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Figurative Language In Julius Caesar

Decent Essays
The main source of the play is from Thomas North’s Plutarch. The following two short passages will suffice to show how closely Shakespeare often follow the words of the biographies which he used when writing his play. In V, 5, 33-38 and V,5,69-72 , these words cast into verse and ennobled by Shakespeare, they were originally from Plutarch’s lives. Shakespeare depart from these historical facts to reduce time and compress the facts so that the play could be staged easier. He also makes the Capitol the venue of Caesar's death rather than the Curia Pompeia. Like Shakespeare makes Caesar's triumph take place on the day of Lupercalia (15 February) instead of six months earlier. Nothing can show more clearly the method of the dramatist, or the skill…show more content…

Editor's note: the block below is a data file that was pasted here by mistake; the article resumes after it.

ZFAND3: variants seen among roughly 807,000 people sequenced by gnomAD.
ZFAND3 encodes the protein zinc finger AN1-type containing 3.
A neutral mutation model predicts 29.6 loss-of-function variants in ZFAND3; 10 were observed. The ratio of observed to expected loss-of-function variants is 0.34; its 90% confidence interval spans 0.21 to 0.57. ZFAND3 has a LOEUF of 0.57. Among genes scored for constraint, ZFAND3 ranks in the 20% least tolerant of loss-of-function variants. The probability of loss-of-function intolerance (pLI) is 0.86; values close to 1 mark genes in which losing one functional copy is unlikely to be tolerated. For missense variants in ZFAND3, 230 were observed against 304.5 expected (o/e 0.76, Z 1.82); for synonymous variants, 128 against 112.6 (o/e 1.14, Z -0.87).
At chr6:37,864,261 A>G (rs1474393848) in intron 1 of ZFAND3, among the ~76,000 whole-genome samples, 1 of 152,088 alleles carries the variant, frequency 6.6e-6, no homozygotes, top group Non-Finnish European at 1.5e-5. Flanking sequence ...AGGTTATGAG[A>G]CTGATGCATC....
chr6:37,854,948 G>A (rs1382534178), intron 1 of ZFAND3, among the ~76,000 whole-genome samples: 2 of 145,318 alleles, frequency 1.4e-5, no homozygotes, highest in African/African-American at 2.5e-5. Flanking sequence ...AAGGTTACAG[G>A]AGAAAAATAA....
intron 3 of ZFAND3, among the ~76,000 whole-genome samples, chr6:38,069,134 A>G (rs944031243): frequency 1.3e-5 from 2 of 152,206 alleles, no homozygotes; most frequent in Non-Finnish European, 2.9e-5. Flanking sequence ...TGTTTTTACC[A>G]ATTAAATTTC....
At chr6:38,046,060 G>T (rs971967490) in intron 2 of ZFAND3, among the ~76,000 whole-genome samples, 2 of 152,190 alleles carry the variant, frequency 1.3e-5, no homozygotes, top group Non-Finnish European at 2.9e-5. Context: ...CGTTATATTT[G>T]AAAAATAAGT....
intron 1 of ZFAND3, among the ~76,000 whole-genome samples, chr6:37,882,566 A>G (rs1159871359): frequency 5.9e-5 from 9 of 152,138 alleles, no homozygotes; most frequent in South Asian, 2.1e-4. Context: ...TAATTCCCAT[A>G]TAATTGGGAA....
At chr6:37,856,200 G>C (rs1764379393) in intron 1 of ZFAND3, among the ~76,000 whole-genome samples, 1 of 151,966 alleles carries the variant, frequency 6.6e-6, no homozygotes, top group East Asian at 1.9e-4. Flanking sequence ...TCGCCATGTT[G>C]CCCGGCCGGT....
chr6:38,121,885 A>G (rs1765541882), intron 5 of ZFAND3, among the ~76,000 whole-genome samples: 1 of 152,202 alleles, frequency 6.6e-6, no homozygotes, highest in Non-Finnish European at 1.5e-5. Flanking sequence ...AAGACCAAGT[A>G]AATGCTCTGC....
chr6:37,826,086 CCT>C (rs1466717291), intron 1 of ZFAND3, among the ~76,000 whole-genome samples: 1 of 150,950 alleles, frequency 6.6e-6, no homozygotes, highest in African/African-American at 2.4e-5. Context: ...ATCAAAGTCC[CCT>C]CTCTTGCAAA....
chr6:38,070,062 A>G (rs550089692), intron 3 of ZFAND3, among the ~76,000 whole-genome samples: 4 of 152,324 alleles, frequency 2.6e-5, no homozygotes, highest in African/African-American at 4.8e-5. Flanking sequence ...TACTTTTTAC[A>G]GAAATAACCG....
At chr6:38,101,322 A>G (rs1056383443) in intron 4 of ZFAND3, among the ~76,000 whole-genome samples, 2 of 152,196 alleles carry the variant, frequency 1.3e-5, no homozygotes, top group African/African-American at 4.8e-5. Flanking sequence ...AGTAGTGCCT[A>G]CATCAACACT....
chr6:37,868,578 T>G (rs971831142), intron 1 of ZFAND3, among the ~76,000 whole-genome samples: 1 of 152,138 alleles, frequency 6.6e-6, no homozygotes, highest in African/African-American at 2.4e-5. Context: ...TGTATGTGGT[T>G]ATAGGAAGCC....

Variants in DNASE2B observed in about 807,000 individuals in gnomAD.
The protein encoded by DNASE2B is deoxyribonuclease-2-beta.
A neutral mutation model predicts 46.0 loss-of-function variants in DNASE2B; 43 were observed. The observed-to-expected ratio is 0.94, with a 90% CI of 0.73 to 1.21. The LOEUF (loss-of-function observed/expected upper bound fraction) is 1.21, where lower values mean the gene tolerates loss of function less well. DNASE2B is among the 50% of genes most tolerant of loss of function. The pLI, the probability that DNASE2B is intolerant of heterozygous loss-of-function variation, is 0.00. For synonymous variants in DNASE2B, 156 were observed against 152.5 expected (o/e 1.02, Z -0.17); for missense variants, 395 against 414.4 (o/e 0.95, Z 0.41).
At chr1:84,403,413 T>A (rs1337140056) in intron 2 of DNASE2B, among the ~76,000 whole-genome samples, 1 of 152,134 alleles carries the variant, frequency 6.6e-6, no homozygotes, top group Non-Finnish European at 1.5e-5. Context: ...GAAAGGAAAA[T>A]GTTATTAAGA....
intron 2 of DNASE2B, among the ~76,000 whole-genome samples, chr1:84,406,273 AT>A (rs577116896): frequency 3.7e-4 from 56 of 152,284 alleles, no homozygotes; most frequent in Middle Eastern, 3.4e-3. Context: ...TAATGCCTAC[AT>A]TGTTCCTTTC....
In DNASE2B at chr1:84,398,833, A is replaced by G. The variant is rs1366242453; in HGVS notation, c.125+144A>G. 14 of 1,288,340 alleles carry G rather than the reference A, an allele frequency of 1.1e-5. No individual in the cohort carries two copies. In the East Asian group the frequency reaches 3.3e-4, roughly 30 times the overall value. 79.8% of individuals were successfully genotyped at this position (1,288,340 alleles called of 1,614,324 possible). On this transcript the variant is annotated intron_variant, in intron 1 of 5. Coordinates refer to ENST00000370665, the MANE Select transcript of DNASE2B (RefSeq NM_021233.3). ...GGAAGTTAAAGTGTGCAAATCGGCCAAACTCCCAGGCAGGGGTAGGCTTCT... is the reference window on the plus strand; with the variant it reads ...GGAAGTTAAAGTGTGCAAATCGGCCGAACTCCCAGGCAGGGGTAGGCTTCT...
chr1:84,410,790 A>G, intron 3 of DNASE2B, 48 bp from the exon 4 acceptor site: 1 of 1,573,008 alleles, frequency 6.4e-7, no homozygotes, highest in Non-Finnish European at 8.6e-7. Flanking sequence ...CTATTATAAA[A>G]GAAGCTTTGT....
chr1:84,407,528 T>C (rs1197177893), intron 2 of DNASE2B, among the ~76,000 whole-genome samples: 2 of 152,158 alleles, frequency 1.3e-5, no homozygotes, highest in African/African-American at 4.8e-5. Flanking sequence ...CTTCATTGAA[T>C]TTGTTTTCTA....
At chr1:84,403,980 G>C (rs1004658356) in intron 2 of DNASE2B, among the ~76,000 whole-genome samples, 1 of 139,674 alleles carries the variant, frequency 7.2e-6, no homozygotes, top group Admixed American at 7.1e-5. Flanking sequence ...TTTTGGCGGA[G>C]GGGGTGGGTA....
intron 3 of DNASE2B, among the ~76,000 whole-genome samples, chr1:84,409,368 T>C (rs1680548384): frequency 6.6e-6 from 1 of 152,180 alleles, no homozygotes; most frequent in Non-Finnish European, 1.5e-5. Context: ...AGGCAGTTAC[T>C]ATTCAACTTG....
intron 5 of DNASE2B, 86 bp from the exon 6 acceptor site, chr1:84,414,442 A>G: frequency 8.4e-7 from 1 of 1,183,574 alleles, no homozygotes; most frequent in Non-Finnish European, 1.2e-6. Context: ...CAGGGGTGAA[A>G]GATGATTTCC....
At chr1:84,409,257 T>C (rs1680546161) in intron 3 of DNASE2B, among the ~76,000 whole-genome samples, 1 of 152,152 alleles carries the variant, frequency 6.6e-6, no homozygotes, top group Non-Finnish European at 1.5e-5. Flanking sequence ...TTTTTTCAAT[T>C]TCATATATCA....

Caesar departs, Antony offered the crown to Caesar three time but Caesar refused to all of it. Brutus finds fake letters in his house written by Roman citizens scared that Caesar become too strong and influence most of the city. The letters have in fact been planted by Cassius, he will support a plot to remove Caesar from power. Caesar departs for the Senate in the company of the conspirators despite warning from his wife. The citizen. At the Senate, the conspirators speak to Caesar, bowing at his feet and encircling him. One by one, they stab him to death. When Caesar sees his dear friend Brutus among his murderers, he gives up his struggle and dies. The conspirators depart, and Antony, alone now, swears that Caesar’s death shall be avenged. He describes Caesar’s horrible death and shows Caesar’s wounded body to the crowd. He then reads Caesar’s will. The crowd becomes angry upon the death of Caesar and calling Brutus and Cassius traitors. Caesar’s adopted son and his appointed successor, Octavius, forms a three-person coalition with Antony and Lepidus to fight Cassius and Brutus. At the conspirators’ camp, Brutus and Cassius have a heated argument regarding matters of
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